Climbers missing on Nanda Devi East, Garhwal Himalaya

Posted by Sarah Stirling on 04/06/2019
Nanda Devi. Photo: Shutterstock / Dchauy

Eight climbers, including the British Mountain Guide, Martin Moran, are missing in the Himalayas. They had been attempting to climb Nanda Devi East, the second highest peak in India after Kangchenjunga.

Amongst the missing is British Mountain Guide, Martin Moran, an extremely experienced and respected Guide who has climbed extensively in the Himalayas and runs a family business, Moran Mountain, with his wife Joy, daughter, Hazel, and son, Alex. 

What happened?

The team arrived at Nanda Devi East base camp on 18 May, after six days trekking in. One team member became sick and returned to the USA. The others rested, refuelled and checked in. Moran Mountain posted on Facebook:

"The first ascent of this beautiful peak was in 1939 by a team of Polish climbers, their legend lives on here at the heart of the Himalayas' most tranquil and quiet sanctuary, a unique and beautiful isolation away from the crowds."

On 21 May, the team reached their second base camp at 4,870m. Here, they split into two: British Mountain Guide, Mark Thomas, led one group of four to prepare the route up Nanda Devi East with fixed ropes. The other group of eight climbers, led by Martin Moran and including an Indian Liason Officer, set off for an acclimatisation climb: they planned to make the first ascent of a 6,477m peak.

On 25 May, Martin reported that the team had set up a camp at almost 5,400m, that all was well, the weather was good and they were planning to attempt the summit early the following morning.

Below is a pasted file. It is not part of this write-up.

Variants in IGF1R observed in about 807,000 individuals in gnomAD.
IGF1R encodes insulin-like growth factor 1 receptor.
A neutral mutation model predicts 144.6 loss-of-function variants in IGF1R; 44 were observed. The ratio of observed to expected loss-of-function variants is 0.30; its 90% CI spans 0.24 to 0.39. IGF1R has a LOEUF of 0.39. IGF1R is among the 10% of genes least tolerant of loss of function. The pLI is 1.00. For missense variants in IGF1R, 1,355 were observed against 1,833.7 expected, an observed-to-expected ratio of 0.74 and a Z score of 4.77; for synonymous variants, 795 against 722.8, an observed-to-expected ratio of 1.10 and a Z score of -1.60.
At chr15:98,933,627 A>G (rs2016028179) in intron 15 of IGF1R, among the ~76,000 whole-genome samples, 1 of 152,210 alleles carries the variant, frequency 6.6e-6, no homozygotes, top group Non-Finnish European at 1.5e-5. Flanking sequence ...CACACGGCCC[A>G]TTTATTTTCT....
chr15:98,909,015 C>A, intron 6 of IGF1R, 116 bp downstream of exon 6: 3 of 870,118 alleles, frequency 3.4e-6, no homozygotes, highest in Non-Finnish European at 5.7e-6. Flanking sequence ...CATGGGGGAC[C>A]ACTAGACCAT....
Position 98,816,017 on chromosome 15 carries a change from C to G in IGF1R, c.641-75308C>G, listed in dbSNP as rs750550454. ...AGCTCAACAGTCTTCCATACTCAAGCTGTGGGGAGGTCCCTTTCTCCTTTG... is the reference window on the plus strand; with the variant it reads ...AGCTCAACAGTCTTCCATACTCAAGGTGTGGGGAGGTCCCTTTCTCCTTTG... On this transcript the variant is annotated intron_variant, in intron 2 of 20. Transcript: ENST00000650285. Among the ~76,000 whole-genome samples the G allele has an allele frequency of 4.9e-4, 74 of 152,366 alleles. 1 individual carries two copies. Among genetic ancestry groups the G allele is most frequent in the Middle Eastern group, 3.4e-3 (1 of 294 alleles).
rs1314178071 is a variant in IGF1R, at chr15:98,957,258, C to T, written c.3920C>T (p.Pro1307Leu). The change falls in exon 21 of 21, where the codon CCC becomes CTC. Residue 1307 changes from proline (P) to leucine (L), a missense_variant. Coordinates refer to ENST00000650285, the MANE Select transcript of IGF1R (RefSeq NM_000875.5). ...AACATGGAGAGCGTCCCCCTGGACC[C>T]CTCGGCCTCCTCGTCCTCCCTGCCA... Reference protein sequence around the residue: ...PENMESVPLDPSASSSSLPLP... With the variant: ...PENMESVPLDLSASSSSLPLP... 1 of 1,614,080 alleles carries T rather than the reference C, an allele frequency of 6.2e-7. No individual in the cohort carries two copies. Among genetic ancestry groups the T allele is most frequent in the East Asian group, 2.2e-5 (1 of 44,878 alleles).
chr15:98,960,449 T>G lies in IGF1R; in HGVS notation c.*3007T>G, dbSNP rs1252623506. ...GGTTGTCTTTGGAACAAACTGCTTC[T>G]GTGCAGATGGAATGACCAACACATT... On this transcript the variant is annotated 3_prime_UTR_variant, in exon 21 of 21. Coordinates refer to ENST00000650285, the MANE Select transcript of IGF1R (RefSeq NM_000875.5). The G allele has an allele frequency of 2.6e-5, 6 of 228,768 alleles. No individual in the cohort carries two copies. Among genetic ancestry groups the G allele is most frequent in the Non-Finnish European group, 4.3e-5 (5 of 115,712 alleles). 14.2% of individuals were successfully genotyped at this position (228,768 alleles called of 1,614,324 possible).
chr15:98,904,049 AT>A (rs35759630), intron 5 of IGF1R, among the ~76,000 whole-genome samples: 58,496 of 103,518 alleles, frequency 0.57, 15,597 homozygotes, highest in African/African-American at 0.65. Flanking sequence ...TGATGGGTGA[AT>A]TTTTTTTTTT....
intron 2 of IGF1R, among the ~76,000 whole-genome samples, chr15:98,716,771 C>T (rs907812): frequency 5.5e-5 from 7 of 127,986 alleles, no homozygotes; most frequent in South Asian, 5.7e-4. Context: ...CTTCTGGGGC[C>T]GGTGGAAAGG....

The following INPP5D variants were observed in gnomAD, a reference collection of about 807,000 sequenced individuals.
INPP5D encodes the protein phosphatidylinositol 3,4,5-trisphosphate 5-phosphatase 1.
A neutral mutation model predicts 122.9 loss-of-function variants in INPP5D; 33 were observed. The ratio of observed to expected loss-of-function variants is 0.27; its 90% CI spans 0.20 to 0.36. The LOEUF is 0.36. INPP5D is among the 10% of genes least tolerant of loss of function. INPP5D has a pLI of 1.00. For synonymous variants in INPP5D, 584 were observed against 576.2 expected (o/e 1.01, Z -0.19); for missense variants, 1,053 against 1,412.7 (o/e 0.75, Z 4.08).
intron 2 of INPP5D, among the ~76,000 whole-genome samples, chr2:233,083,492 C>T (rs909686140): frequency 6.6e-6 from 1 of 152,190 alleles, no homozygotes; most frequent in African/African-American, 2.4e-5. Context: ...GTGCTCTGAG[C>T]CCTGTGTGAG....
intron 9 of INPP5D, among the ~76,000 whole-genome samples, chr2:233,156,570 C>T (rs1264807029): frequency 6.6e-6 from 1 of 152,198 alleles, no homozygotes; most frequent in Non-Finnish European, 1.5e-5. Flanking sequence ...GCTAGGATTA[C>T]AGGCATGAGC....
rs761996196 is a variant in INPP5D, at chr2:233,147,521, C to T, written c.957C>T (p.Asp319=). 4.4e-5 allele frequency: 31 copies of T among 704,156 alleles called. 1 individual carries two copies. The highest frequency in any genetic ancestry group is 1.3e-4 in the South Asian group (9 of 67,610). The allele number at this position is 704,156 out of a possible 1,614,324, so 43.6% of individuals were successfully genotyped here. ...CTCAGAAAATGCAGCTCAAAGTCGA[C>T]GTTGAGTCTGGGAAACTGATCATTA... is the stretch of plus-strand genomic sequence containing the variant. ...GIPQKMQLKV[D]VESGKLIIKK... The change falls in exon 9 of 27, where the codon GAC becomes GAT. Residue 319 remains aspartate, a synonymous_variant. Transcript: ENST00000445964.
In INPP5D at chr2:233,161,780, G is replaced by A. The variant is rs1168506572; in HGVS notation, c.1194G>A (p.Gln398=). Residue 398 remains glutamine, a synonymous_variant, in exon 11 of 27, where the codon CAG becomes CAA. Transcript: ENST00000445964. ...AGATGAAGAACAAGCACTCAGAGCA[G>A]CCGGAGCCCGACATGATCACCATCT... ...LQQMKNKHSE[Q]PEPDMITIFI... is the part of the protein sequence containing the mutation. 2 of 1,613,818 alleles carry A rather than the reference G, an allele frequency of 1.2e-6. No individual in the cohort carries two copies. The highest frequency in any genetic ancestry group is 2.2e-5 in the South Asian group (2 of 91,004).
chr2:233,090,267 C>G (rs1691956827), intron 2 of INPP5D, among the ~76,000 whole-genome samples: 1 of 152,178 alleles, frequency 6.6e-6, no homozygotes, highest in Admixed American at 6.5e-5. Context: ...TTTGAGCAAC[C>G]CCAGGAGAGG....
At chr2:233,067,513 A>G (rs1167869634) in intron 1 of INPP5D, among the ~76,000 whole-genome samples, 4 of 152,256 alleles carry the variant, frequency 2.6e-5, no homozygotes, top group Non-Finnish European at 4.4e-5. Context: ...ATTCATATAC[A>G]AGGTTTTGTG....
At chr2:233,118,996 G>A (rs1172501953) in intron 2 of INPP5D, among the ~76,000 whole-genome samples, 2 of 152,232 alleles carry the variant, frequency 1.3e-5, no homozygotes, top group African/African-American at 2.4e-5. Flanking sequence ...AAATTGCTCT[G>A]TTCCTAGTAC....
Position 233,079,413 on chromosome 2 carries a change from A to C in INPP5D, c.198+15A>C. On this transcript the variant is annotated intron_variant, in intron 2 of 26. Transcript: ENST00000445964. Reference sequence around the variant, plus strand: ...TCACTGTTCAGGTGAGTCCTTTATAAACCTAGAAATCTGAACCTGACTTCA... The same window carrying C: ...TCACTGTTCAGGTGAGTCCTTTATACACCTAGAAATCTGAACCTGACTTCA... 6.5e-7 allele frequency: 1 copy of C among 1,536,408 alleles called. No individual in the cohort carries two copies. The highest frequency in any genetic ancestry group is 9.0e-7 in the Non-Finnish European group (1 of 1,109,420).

In a statement, The British Association of Mountain Guides (BMG) commented:

"The BMG has received conflicting reports. What follows is the BMG’s current understanding of events.

When Martin Moran’s group failed to return on the expected date, the base camp support staff alerted Mark Thomas by radio. Mark immediately descended from Nanda Devi East with the three climbers and returned to base camp.

Mark then went on to the ‘Peak 6,447m’ to try to locate Martin and his team of climbers. He did not locate the climbers but did find that there had been a very large avalanche on the route that the missing climbers were expected to have taken. At this point he instructed the field support staff to alert rescue services.

During the early morning of Friday 31 May the alarm was raised. The Indian Mountaineering Foundation contacted relevant authorities and a team of rescuers was dispatched, on foot, to Nanda Devi East base camp. At this juncture the weather conditions were too harsh to fly helicopters into the mountains. This poor weather persisted throughout Saturday 1 June and again the helicopter was unable to fly."

The Moran family made an official statement and request for privacy on Facebook:

On Sunday 2 June, Mark Thomas was picked up from base camp and participated in a recce of the mountain from the air. They could see no sign of the missing climbers, but did see the huge scale of the avalanche. The helicopter then collected the other three surviving team members from base camp and flew them off the mountain.

Five bodies spotted on the mountain:

On Monday 3 June, Reuters reported that an air force helicopter had spotted five bodies on a flight over the area where the climbers went missing. A search mission is now being organised, working on the assumption that all eight climbers had been killed. 

Vijay Kumar Jogdande, the top government official in the nearby Pithoragarh district, told Reuters that the high altitude and possibility of a second avalanche made accessing the site difficult. It had not been decided whether a team would go in by air or on foot, he said.

Our thoughts are with the families of those missing.



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